OpenBSD Journal

Apache with suexec

Contributed by jose on from the help! dept.

Wouter writes: "Hi visitors,

I've been trying to get suexec running for a few hours now: searched google and mailling lists, chatted with a few people, but I can't find the solution.

I enabled suexec by doing this:

# chmod u+s /usr/sbin/suexec
As far as I know I've configured the VirtualHost ok, but when I try to run a CGI script with suexec, I get this error:
(9)Bad file descriptor: getpwuid: invalid userid 1010
When I unchroot apache, everything works fine, but I just can't find out what I need to have into the chroot. I am running OpenBSD 3.3 -stable and I could really use some help."
Sounds like a lack of a complete chroot environment and a missing password database. Is there anything else missing or that should be stated?

(Comments are closed)

  1. By Anonymous Coward () on

    AFAIK under chroot mode you wont be able to access other resourse outside your chroot folder.. i mean your /var/www/htdocs
    sin the suexec executable is /usr/sbin... apache won't be able to access it..

  2. By Anonymous Coward () on

    sounds like you dont have a /var/www/etc/passwd

  3. By Wouter () on

    I already tried to copy my whole /etc into the chroot, but it doesn't have any affect.

    It looks like suexec is accessed outside the chroot anyway.

  4. By Anonymous Coward () on

    Suexec looks like an interesting way to keep users from reading eachothers files on a multi-user webserver.
    But what are the security implications of it? Having a SUID executable inside the chroot is a risk, right? Or has suexec been thoroughly audited, that it isn't that much of a risk?
    Could maybe someone shed some light on this?

    1. By Anonymous Coward () on

      suexec is a quite small program and therefor not that hard to audit. moreover i guess it has been audited quite well by apache developers as well as openbsd developers since it seems to be included in openbsd.

  5. By dptth () on

    Just run httpd with -u option, so it reaches suexec and user home files
    /var is mounted nosuid by default, so suid programs will not work as expected here

    1. By Wouter () on

      No, I intend to keep the chroot.. and if you read my earlier post you already knew Apache calls suexec outside of the chroot (how else can I see that suexec get loaded and *tries* to do something while suexec isn't in the chroot?).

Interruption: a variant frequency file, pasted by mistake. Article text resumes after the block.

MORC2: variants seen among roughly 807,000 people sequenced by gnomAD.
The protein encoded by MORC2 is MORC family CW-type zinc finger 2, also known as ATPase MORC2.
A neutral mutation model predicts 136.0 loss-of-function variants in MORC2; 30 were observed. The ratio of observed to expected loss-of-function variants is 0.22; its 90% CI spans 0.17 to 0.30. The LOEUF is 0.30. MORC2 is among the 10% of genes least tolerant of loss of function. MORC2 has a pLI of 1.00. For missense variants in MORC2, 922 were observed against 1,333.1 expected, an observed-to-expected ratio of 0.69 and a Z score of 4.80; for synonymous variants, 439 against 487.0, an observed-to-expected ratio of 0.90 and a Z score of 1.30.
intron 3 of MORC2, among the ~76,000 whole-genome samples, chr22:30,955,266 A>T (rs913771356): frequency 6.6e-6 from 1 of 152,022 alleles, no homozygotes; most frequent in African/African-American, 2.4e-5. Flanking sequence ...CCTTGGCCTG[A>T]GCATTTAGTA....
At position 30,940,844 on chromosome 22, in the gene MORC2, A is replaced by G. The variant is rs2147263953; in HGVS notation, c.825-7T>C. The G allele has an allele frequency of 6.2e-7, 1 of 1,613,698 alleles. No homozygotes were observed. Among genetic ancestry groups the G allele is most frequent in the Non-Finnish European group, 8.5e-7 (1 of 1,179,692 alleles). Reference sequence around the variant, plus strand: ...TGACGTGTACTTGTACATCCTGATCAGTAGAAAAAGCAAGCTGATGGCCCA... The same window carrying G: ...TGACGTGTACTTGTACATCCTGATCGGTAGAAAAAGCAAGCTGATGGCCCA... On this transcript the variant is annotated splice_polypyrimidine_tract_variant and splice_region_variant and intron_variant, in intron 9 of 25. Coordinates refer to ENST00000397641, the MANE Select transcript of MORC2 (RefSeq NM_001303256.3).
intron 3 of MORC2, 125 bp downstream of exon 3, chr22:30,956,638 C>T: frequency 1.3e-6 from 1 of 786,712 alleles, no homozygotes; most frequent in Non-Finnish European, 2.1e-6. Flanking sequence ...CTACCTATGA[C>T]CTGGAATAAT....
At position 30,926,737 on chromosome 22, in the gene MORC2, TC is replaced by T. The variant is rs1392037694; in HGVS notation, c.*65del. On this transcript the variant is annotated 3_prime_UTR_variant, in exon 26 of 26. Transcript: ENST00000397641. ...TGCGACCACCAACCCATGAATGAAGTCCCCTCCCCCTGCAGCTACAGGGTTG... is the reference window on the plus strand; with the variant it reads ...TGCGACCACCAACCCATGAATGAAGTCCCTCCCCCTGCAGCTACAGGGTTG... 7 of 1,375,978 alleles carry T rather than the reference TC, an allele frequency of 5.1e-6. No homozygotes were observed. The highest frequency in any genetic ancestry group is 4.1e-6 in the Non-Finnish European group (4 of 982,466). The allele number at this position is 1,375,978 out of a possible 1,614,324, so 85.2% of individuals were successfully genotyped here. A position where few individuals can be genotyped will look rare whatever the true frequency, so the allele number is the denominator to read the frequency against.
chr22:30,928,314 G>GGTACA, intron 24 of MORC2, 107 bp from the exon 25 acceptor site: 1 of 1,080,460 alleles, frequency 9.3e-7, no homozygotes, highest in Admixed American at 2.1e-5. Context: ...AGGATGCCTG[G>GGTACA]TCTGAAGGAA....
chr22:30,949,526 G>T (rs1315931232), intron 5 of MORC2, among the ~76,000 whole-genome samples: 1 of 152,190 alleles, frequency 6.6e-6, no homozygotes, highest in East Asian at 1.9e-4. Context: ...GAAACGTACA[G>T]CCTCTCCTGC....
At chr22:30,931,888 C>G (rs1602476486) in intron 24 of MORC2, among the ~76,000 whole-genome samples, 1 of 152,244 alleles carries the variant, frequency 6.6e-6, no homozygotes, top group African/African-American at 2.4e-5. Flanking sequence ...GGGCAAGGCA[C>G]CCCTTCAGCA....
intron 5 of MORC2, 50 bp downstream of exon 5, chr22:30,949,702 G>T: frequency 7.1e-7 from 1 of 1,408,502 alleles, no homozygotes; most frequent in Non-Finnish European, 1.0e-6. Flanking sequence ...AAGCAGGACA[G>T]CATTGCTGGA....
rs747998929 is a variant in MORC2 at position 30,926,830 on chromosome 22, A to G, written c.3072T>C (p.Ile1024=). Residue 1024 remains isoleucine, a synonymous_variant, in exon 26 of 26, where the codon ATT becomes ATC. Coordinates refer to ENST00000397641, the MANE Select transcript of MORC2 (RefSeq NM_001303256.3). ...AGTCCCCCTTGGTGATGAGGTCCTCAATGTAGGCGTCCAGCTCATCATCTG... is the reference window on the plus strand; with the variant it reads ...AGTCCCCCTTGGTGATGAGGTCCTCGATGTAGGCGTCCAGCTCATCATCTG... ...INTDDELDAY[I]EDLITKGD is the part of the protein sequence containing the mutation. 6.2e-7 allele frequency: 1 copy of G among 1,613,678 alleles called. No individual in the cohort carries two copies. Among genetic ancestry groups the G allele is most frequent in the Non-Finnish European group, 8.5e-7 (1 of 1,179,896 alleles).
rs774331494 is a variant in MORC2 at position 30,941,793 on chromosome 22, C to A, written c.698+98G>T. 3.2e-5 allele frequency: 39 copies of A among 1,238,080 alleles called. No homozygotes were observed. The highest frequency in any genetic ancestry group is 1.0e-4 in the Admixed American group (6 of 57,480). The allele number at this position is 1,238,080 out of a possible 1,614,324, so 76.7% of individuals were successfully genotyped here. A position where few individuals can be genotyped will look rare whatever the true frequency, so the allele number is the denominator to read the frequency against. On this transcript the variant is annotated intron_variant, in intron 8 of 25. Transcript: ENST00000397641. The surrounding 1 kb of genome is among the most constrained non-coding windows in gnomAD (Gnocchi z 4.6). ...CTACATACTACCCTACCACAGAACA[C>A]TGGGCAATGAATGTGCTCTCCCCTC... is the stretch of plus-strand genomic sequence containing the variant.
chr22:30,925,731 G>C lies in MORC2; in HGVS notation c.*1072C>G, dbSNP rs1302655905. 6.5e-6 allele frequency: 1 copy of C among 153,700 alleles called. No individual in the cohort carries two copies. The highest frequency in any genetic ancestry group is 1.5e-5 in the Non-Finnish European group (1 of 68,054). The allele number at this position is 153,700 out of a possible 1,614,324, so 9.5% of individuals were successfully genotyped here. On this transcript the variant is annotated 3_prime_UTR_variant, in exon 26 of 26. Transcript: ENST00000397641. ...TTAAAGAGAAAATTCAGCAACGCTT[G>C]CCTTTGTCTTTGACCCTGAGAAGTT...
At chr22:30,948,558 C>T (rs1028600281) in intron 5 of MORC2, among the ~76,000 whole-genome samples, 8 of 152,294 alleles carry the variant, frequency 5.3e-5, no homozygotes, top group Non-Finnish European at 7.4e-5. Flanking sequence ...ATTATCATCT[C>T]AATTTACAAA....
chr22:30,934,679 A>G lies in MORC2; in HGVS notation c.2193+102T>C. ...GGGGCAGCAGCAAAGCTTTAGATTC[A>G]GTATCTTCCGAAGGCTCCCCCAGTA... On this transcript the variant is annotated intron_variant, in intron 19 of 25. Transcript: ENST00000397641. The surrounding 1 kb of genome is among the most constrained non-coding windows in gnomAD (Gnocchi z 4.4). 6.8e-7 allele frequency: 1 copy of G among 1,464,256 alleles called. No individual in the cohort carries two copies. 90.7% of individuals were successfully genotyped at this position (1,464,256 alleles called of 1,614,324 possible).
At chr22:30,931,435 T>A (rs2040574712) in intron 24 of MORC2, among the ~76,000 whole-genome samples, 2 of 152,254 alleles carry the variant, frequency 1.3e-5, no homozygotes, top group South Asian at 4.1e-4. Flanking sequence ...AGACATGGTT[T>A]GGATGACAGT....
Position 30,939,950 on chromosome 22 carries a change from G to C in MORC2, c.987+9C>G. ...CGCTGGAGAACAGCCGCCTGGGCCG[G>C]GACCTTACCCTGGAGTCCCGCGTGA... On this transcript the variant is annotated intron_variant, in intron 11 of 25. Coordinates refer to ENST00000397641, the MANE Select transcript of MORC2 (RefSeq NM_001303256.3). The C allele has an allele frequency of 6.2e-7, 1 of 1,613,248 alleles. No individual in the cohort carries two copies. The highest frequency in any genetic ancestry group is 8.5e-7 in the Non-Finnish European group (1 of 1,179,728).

1. By dptth () on

        Hello /var is mounted nosuid so suexec will not su inside it even via chroot

        1. By Anonymous Coward () on

          /var mounted nosuid
          Not by definition. Depends on setup.

          1. By dptth () on

            By default, when you install 3.3 it installs chrooting apache and nosuid,nodev /var /home /tmp and nodev /usr

            1. By Anonymous Coward () on

              i very much doubt that counts as default setup. Can you tell me how big /var is by default?

              1. By dptth () on

                Just try

  6. By Wouter () on

    Things changed, copying some /etc files into the chroot did nearly solve it.

    Now I get this error:

    [2003-06-19 18:55:14]: emerg: cannot get docroot information (/var/www/htdocs)

    DocumentRoot of the site is /var/www/htdocs/ So I really don't know what's the problem now...

    1. By jose () on

      try stripping the leading /var/www from the path, since the server chroots to that its actually just /htdocs ... just a thought.

      1. By Wouter () on

        Yes I have in my off course /htdocs/... but I gave to full path so its easier to understand ;)

    2. By Anonymous Coward () on

      try making /var/www/var/www a symlink for /

      1. By Anonymous Coward () on

        i tend to like doing
        /var/www/var -> .
        /var/www/www -> .

  7. By Anonymous Coward () on

    var is mounted nosuid by default in 3.3...

  8. By chris humphries () on

    it is trying to read /etc/group and doesnt have access.

  9. By Piotr Kapczuk () on

    I've read comments and saw many people noticed MTU with IPsec problem.
    Here's my hint.

    I didn't want to touch MTU on physical interfaces, because sometimes it
    can cause problems. I found 'scrub max-mss' feature in PF very helpful.
    Thanks to these lines I don't have to worry about MTU anymore. TCP/IP
    negotiation takes care about this, and bigger packets will newer show

    scrub in on enc0 all max-mss 1300
    scrub out on enc0 all max-mss 1300

    1. By Piotr Kapczuk () on

      Ups. Sorry, my mistake. I've posted under wrong thread. Webmaster please cancel these two messages if you can.

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